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Giving attention to potassium pays!

Droughts are not uncommon in Southern Africa and farmers have developed a number of strategies to mitigate their effects and increase the chance of harvesting an economic yield. Techniques like no-till to conserve soil moisture and adapting plant populations are such examples but nutrition has a role to play too. Research findings have shown the importance of potassium (K) nutrition and the related crop response during drought conditions.

Response to K in drought years is higher

Research from the Corn Belt in the USA has demonstrated the importance of potassium in drought years. A long-term trial in Iowa where good seasons were followed by drought clearly shows the benefit of applying potassium to maize and soybeans; yields and profits from adding K were highest in the years of stress (Table 1). While increases in good years were negligible in soils with moderate levels of potassium, when drought was experienced, maize receiving 46.5 kg K/ha had a 40% increase in yield and soybeans an increase of 26%.

Fertilizer images

Results over 18 years from Indiana confirm the soybean response. Figure 1 shows that in years of low rainfall in the first 12 weeks after planting, a higher yield increase was obtained with K applications.

Fertilizer images

The role of K in alleviating drought stress

Potassium works in multiple ways to maintain photosynthesis during periods of moisture stress. This allows plants to continue growing, albeit at a slower rate, but at a rate that ultimately explains the improved yields as compared to crops with less potassium. For photosynthesis to continue, the plant needs to be able to maintain and increase water uptake and retention as well as maintain the cellular membranes that protect the chlorophyll structures. This is achieved by increasing the osmotic (salt) concentration of the cells and through the rapid closure of the stomata (pores in the leaf surface). Increasing the osmotic concentration of the cells has the effect of increasing the activity of aquaporins (channels in the membranes of the plant cells) which facilitate the uptake of water. The increase in osmotic concentration also assists the plant in extracting water from the diminishing supply in the soil and helps to keep cells turgid. Potassium plays a crucial role in changing the turgor of the guard cells needed to close the stomata and prevent water loss. When potassium is in short supply, the time taken by the guard cells to close increases from a few minutes to over an hour. As a result the plants continue to lose moisture and are more susceptible to drought. Plants that experience moisture stress produce more oxygen radicals which are very reactive chemical compounds that, if left, unchecked will destroy the cellular membranes thereby disrupting photosynthesis. To counteract this, plants produce NADPH oxidase, an enzyme that reacts with the oxygen radicals and reduces them to neutral compounds. NADPH oxidase activity is regulated by potassium.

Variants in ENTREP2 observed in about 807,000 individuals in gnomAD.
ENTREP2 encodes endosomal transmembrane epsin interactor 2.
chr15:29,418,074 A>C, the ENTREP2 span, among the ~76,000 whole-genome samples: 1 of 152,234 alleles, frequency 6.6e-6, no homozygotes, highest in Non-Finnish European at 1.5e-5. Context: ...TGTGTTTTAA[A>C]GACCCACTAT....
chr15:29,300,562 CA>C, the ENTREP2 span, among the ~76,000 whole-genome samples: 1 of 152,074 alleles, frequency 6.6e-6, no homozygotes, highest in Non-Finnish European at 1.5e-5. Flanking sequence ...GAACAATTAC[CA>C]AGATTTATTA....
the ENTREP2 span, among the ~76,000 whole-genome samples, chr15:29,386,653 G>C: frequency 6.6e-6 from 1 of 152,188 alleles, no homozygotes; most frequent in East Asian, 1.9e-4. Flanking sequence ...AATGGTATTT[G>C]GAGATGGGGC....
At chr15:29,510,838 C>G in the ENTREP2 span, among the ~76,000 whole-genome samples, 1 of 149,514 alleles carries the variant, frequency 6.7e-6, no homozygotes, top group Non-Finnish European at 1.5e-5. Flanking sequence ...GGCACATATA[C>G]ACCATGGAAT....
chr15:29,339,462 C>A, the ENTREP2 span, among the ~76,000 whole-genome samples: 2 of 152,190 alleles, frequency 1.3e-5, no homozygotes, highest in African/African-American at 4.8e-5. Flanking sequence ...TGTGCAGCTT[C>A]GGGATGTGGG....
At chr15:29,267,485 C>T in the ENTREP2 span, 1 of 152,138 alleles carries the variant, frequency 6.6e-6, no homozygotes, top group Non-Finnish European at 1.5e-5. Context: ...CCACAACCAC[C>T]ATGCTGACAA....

Maintaining K uptake in times of drought stress

As soils start to dry, the rate at which potassium dissolves into the soil solution declines. This can lead to a shortage at the root surface when potassium is critical for growth. Improving the soil’s potassium status increases the concentration of potassium in the soil solution which allows plants to continue to absorb potassium at the rate at which it is required. Research from the UK (Figure 2) shows that in dry soils the concentration of potassium needs to be four times that which is required for wet soils, if plants an uptake of 5 kg K/ha/day.

Fertilizer images

Strategies to manage soil K

In profitable seasons one needs to maintain and, if necessary, build the potassium status of the soil, taking into account the potassium removed through the harvesting of the grain. Potassium incorporated into the grain varies according to the crop. A tonne of maize contains 39 kg K and soybeans 17 kg K per tonne of grain. By the time it reaches flowering, maize needs to have accumulated 66% of the potassium it requires as at harvest, 30% of the potassium is held in the grain. In soybeans, 50% of the potassium is held in the grain with much of the potassium being remobilised from leaf and stem tissue to fulfill this need. In drier seasons, where farmers should apply additional potassium, Omnia is ideally positioned to help the farmer in times of drought. We have a range of top dressing products that contain nitrate nitrogen (also shown to be beneficial in times of drought stress) in combination with potassium – 1:0:1, 3:0:1 or 5:0:1 from which to choose, depending on the amount of potassium required. Investing in maintaining the soil’s potassium status and supplementing with top dressings pays dividends and helps address the risk of poor yields in dry seasons.

Fertilizer images

References
  • K reduces stress from drought. Better Crops 1998-3 p34.
  • Johnston, A.E., Barraclough, P.B., Poulton, P.R. and Dawson, C.J. (1998): Assessment of some spatial variable soil factors limiting crop yield. Proceedings No. 419, The International Fertiliser Society, York, UK, 48 pages.

By Megan A’Bear
Manager: Agronomic Research and Development